Membership Officer's Report

Bob reported that Tommy R. had checked in from Thailand, safe and sound. He was fortunately travelling in the interior of the country when the tsunami hit.

Bob noted that we currently have 26 members on the team, but several of these were not field certified.

Gear Commitee Report

Mark raised an issue with group-only pagers. When switched to vibrate mode they still generate an audible alarm when a page is received. Mark is looking for ideas on equipment purchases that would be of value to the team. One idea put forward was one or more rodent-proof metal cabinets for storing vulnerable equipment in the gear hut. Heavy duty plastic containers were suggested as an alternative.

Medical Committee Report

Mike raised the issue of reimbursement for members who recently took the WFR recertication training. A motion was proposed and seconded that four members be reimbursed in the amount of $35 each. The motion passed by 10 votes to 0.

PR Committee Report

Nothing to report.

Old Business

New Business

No new business.

The meeting ended at 20:00.

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Pinching Pennies by Mark Espelien, Treasurer
With this being tax season, I would like ask our members who work in, or know people who work in the accounting/tax field for a list of possible deductions for volunteer work. I know some mileage is deductable, but it would be interesting to know if any equipment purchases or other expenditures are deductable. Please forward any info to me at mark_e@innovasic.com, and I will try to summarize this for the next newsletter.

I know we're a little late, but I would like to encourage all officers and commitee chairs to send me their budget requests so I can get this put together in the next month.

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Gearing Up by Mark Espelien, Equipment Committee chair
The new gear hut is now operational! All gear from the Tijeras fire station has been moved to the hut at the west end of the adjacent Sheriff's office parking lot. Entry to the gear hut is keyed, and there are no keys hidden in the area, so please contact me if you need to check out a key. A big thank you to those who helped purchase, setup, paint, and move gear - truly a team effort!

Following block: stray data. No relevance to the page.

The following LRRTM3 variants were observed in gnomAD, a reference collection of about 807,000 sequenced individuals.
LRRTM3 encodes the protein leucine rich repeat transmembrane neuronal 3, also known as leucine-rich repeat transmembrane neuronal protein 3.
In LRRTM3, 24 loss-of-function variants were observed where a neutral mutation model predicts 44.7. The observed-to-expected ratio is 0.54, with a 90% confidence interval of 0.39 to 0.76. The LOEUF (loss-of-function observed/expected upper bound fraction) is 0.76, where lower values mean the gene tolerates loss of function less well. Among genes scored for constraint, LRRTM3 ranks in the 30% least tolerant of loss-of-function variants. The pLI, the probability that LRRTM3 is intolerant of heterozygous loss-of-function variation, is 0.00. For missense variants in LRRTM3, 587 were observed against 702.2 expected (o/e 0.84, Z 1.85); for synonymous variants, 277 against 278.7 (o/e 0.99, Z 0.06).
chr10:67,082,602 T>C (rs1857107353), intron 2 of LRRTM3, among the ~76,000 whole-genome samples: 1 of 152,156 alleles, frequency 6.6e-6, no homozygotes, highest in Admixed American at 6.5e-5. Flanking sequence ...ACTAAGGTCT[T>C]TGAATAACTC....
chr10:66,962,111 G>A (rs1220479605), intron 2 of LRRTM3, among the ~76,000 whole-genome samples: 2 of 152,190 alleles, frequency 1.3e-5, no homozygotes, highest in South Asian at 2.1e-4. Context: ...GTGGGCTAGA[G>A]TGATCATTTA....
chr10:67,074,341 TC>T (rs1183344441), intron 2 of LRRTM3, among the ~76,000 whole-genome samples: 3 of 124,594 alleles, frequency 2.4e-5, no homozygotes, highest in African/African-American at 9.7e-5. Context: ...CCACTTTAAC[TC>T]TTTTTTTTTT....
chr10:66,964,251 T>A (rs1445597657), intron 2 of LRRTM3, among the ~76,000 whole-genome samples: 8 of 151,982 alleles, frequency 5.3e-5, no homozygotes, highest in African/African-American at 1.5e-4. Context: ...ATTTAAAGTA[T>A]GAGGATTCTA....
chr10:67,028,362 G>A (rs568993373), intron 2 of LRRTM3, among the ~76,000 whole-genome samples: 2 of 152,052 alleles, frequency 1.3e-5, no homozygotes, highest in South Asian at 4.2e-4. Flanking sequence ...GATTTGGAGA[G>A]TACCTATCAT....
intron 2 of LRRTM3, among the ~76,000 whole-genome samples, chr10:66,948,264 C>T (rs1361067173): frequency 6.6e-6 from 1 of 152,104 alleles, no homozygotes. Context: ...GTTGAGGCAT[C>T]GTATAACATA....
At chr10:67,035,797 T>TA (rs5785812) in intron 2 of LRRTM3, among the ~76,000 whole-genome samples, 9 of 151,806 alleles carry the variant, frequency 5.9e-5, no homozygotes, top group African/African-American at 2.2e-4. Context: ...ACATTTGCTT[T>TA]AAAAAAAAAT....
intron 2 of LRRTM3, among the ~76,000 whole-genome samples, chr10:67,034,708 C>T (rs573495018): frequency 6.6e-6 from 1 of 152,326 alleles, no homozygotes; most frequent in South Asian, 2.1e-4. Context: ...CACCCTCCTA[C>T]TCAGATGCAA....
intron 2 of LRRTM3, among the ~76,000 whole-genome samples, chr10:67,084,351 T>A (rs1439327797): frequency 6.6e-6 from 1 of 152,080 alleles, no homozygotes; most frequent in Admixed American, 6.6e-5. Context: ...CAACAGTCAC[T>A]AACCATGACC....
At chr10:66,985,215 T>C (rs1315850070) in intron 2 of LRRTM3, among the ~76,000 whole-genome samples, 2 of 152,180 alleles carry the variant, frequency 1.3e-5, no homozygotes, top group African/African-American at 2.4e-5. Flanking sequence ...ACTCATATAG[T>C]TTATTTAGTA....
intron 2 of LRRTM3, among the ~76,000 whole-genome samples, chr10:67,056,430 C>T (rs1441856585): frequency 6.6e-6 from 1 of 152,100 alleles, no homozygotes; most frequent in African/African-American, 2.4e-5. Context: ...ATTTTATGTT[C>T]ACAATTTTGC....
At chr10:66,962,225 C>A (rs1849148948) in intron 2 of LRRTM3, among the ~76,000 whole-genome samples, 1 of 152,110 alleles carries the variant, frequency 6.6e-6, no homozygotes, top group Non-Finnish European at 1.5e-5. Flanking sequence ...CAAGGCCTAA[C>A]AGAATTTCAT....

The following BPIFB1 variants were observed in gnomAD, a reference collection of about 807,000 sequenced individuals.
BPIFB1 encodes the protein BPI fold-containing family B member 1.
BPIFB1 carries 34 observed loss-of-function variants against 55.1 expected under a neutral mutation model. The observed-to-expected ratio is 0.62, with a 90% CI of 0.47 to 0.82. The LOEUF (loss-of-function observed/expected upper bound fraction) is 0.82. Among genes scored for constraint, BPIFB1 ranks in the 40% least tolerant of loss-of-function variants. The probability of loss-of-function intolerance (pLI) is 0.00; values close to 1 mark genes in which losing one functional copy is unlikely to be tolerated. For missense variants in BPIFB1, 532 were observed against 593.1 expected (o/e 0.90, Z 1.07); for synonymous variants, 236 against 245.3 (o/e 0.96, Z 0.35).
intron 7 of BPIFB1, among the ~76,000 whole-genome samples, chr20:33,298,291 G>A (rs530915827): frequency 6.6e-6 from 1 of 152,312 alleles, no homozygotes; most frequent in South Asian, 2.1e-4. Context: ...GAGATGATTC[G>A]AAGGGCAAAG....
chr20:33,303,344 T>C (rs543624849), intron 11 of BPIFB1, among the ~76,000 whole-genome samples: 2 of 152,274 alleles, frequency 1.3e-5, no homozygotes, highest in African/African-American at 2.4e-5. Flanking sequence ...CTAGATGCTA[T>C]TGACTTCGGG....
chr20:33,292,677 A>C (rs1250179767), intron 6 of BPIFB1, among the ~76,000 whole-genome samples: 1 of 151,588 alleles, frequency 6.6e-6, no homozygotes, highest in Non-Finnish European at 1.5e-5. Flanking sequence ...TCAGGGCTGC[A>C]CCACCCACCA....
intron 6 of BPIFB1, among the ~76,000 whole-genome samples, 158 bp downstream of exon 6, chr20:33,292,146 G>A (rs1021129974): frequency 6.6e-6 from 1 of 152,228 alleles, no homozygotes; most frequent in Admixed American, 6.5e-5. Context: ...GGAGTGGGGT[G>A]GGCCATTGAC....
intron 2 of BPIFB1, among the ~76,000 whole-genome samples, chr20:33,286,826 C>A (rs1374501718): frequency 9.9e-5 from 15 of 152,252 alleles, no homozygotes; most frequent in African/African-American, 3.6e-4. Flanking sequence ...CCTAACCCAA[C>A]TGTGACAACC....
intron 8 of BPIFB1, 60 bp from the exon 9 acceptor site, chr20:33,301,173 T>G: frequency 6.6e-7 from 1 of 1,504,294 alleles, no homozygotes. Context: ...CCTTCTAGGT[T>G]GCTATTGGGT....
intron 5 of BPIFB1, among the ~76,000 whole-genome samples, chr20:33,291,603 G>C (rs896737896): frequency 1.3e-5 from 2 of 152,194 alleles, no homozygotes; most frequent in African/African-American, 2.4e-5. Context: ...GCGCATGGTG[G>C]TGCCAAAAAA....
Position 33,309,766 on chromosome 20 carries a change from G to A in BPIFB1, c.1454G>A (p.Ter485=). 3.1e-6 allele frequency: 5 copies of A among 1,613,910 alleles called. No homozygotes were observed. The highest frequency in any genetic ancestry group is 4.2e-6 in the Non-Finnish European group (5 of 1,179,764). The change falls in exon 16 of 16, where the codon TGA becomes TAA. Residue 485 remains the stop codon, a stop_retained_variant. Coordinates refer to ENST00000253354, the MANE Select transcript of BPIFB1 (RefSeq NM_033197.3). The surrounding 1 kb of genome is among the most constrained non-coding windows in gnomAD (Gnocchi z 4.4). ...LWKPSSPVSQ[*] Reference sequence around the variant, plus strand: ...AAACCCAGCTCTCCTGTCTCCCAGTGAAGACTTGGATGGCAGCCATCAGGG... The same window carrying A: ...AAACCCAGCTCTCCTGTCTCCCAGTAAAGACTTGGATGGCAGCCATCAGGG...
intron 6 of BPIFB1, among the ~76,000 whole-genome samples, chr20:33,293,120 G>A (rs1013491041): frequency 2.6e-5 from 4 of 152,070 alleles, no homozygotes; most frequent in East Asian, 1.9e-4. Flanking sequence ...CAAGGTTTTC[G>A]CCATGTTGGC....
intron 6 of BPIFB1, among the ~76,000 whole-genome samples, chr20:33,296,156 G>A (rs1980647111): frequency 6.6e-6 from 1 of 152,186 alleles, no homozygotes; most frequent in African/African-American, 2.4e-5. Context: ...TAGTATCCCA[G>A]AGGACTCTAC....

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Public Relations by Adam Hernandez
Saturday, February 26 at 13:00 there will be a presentation at TVI to an outdoor adventure class that is interested in search and rescue. This event will be run by Mike Dugger. Saturday, March 19, time to be determined, there will be a Middle Rio Grande Backcountry Horsemen Convention in Bosque Farms. They want to know what we do, and how they can not become a statistic. Adam Hernandez will run this event.

I will be asking senior members to start helping out and taking charge of various events throughout the year. I will also ask that all members help out just a couple of times a year, that way we can spread out our resources. I know that all of our time is valuable. If we can get at least one senior member and one relatively new member they should be able to handle most questions. This way we will not end up with four or more people at any one event and just one or two at others. I will try to schedule these events as they come up.

Also, I have noticed that the Polo shirts that I wear have Cibola Search and Rescue on them. Most people just read the Cibola part and just assume that you are part of Cibola High School, pretty common. If you decide to get a shirt, you might just put Search and Rescue on it. That way people will notice it more, and then you can tell them about us.

Also, I would like to thank all the members that helped out last year, and would encourage all of us to think of ways to get new members. E-mail me or call.

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Disclaimer and Copyright notice the Editors
The contents of this newsletter are copyright © 2004 by their respective authors or by Cibola Search and Rescue, Inc., and individual articles represent the opinions of the author. Cibola SAR makes no representation, express or implied, with regard to the accuracy of the information contained in these articles, and cannot accept any legal responsibility or liability for any errors or omissions that may be made. Articles contained in this newsletter may be reproduced, with attribution given to Cibola SAR and the author, by any member of the Search and Rescue community for use in other team's publications.